Bellis went on to add that, by his estimates, the town would stand to save as much as $41,000 with the inception of the merger.

Council member Shari Pierce stated that she had some questions that had yet to be answered and that those questions, along with the lack of response, caused more than some concern regarding the proposal. Likewise, council member Stan Holt stated similar concerns, regarding no response to questions he had submitted about the proposal and for specific issues regarding what a merger would look like.

Bellis replied that he was unable to respond to queries he had not received, implying that Holt and Pierce had never forwarded their questions to him.

Holt and Pierce did seem amenable to a compromise merger that would encompass the three-mile perimeter of the Urban Services Area in which town and county overlap, a concession that Bellis implied would be acceptable to the county.

Volger asked Bellis, “What do you see as challenges and stumbling blocks to the process that could keep this from proceeding?”

Bellis responded that opponents of the merger would be vigilant, watching for the first problem that would arise, as well as issues with codes and ordinances, and probable turf disagreements. “Nothing that’s not insurmountable,” Bellis said.

“I’m more concerned about your (the town’s) department coming in on budget,” Bellis added. “I know our oil and gas permit revenues will be more than enough to pay our bills.”

Pierce asked, “Last spring, before I was on the board, a similar proposition was brought before council. What changed?”

“A change in leadership in the county,” Weiler responded. “The wisdom of duplicating services within 3,000 feet of each other escapes me. We need to show enough courage to change this.”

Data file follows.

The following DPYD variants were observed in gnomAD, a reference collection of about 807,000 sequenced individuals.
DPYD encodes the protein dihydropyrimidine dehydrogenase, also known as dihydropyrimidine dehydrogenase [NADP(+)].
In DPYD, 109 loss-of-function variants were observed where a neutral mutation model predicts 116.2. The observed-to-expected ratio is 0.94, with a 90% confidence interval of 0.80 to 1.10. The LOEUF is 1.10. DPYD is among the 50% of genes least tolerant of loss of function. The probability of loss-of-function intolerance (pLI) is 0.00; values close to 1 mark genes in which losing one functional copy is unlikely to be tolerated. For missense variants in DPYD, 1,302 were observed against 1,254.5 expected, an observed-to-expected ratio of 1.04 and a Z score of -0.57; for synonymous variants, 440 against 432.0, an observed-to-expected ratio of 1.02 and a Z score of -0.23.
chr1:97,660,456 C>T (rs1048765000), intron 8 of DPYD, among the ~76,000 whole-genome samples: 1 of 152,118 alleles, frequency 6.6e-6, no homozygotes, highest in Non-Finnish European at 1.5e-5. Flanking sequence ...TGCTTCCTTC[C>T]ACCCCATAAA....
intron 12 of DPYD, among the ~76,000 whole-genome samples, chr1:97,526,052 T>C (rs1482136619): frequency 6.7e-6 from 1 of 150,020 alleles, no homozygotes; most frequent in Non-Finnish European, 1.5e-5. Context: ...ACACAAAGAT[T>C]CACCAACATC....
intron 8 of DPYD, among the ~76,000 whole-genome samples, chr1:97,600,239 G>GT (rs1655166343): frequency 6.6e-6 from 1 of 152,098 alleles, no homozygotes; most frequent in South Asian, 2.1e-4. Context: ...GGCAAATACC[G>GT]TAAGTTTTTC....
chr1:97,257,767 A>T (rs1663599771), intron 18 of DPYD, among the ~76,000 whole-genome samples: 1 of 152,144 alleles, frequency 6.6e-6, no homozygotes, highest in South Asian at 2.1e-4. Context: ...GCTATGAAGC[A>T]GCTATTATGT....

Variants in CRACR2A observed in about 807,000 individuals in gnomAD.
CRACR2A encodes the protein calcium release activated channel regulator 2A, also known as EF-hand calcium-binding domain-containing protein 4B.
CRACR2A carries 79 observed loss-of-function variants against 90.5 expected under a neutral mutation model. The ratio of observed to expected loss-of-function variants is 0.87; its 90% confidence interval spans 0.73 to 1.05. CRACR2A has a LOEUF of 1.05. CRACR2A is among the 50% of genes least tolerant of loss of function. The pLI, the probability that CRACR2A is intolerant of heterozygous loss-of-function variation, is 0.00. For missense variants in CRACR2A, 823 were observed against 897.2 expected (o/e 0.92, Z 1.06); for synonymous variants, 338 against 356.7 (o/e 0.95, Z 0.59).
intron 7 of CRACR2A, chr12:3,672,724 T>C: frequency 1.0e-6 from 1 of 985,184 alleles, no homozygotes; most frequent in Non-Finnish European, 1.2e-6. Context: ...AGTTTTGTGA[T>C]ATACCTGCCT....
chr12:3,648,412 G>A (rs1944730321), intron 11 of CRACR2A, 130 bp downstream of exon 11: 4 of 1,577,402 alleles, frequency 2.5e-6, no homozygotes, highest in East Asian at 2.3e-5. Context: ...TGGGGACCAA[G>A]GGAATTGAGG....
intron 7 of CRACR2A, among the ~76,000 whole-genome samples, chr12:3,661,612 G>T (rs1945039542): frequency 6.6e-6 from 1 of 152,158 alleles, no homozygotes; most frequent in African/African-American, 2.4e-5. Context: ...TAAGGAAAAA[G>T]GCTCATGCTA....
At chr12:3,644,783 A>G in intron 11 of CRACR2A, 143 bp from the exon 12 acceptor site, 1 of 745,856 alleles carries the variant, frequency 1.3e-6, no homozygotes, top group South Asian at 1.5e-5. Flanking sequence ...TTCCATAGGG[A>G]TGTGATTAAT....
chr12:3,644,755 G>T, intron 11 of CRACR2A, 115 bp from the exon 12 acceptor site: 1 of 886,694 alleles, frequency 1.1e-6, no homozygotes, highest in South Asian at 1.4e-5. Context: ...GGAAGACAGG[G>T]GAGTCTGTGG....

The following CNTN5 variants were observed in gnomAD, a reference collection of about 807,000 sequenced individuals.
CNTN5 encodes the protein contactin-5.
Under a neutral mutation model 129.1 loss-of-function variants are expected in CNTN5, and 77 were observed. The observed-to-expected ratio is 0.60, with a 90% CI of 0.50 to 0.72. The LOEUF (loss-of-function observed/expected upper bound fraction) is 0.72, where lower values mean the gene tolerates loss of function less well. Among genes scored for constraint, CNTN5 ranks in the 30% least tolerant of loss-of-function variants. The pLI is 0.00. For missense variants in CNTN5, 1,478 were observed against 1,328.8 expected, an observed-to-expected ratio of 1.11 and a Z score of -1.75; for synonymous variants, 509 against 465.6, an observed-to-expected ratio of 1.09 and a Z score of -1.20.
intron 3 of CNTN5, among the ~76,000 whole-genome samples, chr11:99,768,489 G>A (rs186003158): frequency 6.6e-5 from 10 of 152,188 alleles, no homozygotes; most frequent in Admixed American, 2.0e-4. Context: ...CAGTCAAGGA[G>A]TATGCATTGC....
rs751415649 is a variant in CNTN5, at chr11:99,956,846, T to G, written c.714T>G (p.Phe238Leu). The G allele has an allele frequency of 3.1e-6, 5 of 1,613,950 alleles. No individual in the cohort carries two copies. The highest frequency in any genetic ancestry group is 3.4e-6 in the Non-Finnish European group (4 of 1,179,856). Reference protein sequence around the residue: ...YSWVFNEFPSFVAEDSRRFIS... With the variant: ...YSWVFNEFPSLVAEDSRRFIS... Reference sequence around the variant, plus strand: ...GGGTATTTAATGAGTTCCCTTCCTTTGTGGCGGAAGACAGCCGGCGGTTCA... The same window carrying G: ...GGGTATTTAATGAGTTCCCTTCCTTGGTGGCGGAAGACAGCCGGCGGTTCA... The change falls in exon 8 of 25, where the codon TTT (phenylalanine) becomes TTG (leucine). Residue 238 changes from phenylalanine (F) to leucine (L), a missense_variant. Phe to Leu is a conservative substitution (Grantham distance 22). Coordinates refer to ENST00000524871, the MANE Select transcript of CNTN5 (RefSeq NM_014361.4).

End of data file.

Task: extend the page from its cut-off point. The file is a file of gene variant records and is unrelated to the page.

“If you’re going to call me a coward,” responded Cotton, “call me a coward. I hate this ‘show me the courage’ stuff.”

Weiler apologized to Cotton for the comment.

With some council members seemingly entrenched in their positions, those council members rarified their positions for elaboration. Meanwhile, others suggested that common ground could be found to make the merger work.

“I agree with Darrel and Stan’s idea of merging for the urban services area,” said Pierce.

“Obviously, there’s a lot of debate. We need to look for things to agree on. If we find a way to work together, all these people will benefit,” said Volger.

Cotton made his case clear, saying, “If the greater interest has a negative impact on our town, I’m not going to do it.”

For his part, Holt shared Cotton’s reticence, saying, “I share a lot of concern that the town’s interest will be diluted. (County Commissioner) Bob Moomaw said he’d like to merge governments; that’s the way this is heading. I’m very protective of the town’s interests. If we merge governments, with 12,000 people in the county and 1,700 in the town, guess who’s going to get the gravy?”

County and the town officials meet today at 10 a.m. in council chambers for another work session on the proposed merger. While it is apparent that the county will continue to pursue the merger with alacrity — and quite a few concessions — some members of council seem beholden to a very old saying, “timeo danaos et dona ferentes” — beware of Greeks bearing gifts.